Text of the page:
Lewis Hine. In the 1890s reformist ideas continued to displace religiously motivated charity in the slums. Socialist photography became the embodiment of progressive values largely through the work of Lewis Hine. He expanded upon Riis’ objectives and formulated new concepts and techniques. As a school teacher, Hine was especially critical of the country's child labour laws. Although some states had enacted legislation designed to protect young workers, there were no national laws dealing with this problem. In 1908 the National Child Labour Committee employed Hine as their staff investigator and photographer. This resulted in two books on the subject, Child Labour in the Carolinas (1909) and Day Laborers Before Their Time (1909). Hine travelled the country taking pictures of children working in factories. In one 12 month period he covered over 12,000 miles. Unlike the photographers who worked for Thomas Barnardo , Hine made no attempt to exaggerate the poverty of these young people. Hine's critics claimed that his pictures were not "shocking enough". However, Hine argued that people were more likely to join the campaign against child labour if they felt the photographs accurately captured the reality of the situation. Factory owners often refused Hine permission to take photographs and accused him of muckraking. To gain access Hine sometimes hid his camera and posed as a fire inspector. Hine worked for the National Child Labour Committee for eight years. Hine told one audience: "Perhaps you are weary of child labour pictures. Well, so are the rest of us, but we propose to make you and the whole country so sick and tired of the whole business that when the time for action comes, child labour pictures will be records of the past."
The first world war and the developments in modernism meant that for a short time photographers attentions were elsewhere. The Wall Street Crash of 1929 was one of the most devastating stock market crashes in American history—probably the very worst, taking into consideration the full scope and longevity of its fallout. The crash followed a speculative boom that had taken hold in the late 1920s, which had led millions [ citation needed ] of Americans to invest heavily in the stock market, a significant number even borrowing money to buy more stock. By August 1929, brokers were routinely lending small investors more than 2/3 of the face value of the stocks they were buying. [ citation needed ] Over $8.5 billion was out on loan, more than the entire amount of currency circulating in the U.S.  The rising share prices encouraged more people to invest; people hoped the share prices would rise further. Speculation thus fueled further rises and created an economic bubble. the market finally turned down, and panic selling started. 12,894,650 shares were traded in a single day as people desperately tried to mitigate the situation. This mass sale was considered a major contributing factor to the Great Depression. President Franklin D. Roosevelt established the Resettlement Administration, later the Farm Security Administration, to assist dislocated farmers. The agency's “Historical Section” aided in this effort by documenting the need for agricultural assistance and recording the results of the agency's efforts to address that need. Under the direction of Roy Stryker, the head of the photographic unit, the documentation effort went further than that. Images in the Farm Security Administration/ Office of War Information (FSA /OWI) Collection (164,000 black-and-white film negatives, 107,000 black-and-white photographic prints, and 1,610 color transparencies, 1935-45) show: Americans at home, at work, and at play, with an emphasis on rural and small-town life the adverse effects of the Great Depression, the Dust Bowl, and increasing farm mechanization displaced people migrating West or to industrial cities in search of work America's mobilization for World War II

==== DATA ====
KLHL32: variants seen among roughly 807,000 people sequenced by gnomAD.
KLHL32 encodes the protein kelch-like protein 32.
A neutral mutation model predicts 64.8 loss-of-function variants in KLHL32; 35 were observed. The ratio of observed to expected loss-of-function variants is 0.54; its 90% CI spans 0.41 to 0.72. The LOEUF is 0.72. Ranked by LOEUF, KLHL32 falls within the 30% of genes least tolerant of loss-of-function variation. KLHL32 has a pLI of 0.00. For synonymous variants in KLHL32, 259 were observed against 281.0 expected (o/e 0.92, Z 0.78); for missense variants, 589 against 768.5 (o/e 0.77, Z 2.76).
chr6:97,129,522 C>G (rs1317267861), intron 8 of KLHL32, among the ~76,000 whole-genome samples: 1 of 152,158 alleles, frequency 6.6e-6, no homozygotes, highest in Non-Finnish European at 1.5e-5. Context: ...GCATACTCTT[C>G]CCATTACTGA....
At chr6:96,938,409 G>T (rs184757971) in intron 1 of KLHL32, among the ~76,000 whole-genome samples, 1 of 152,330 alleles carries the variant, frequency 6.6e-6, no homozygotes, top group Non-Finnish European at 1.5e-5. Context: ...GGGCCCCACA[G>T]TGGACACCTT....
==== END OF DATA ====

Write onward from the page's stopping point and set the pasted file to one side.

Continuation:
I saw and approached the hungry and desperate mother, as if drawn by a magnet. I do not remember how I explained my presence or my camera to her, but I do remember she asked me no questions. I made five exposures, working closer and closer from the same direction. I did not ask her name or her history. She told me her age, that she was thirty-two. She said that they had been living on frozen vegetables from the surrounding fields, and birds that the children killed. She had just sold the tires from her car to buy food. There she sat in that lean-to tent with her children huddled around her, and seemed to know that my pictures might help her, and so she helped me. There was a sort of equality about it.
“That’s a sophisticated, misleading word,and notreally clear”(Interview with Walker Evans, Art in America, Leslie Katz.1971)
Document means evidence. It comes from the medieval termdocumentum which was a term for an official paper. Thiswould contain evidence that could not be questioned, atruthful account backed by the authority of law.
As a genre in photography it is associated with the samesignificance and authority.‘The Great Chartists Meeting onKennington Common’,William Edward Kilburn. 1848.The historical significance invested a photograph’s statusas a truthful and objective representation of what hadhappened.
Photograph of Jacob Riis inThe Making of an American. 1904Jacob RiisBandit’s RoostFebruary 12th1888
“When Dorothea took that picture,that was the ultimate. She neversurpassed it. To me it was thepicture of Farm Security. She hasall the suffering of mankind in her,but all the perseverance too. Arestraint and a strange courage.”Roy Stryker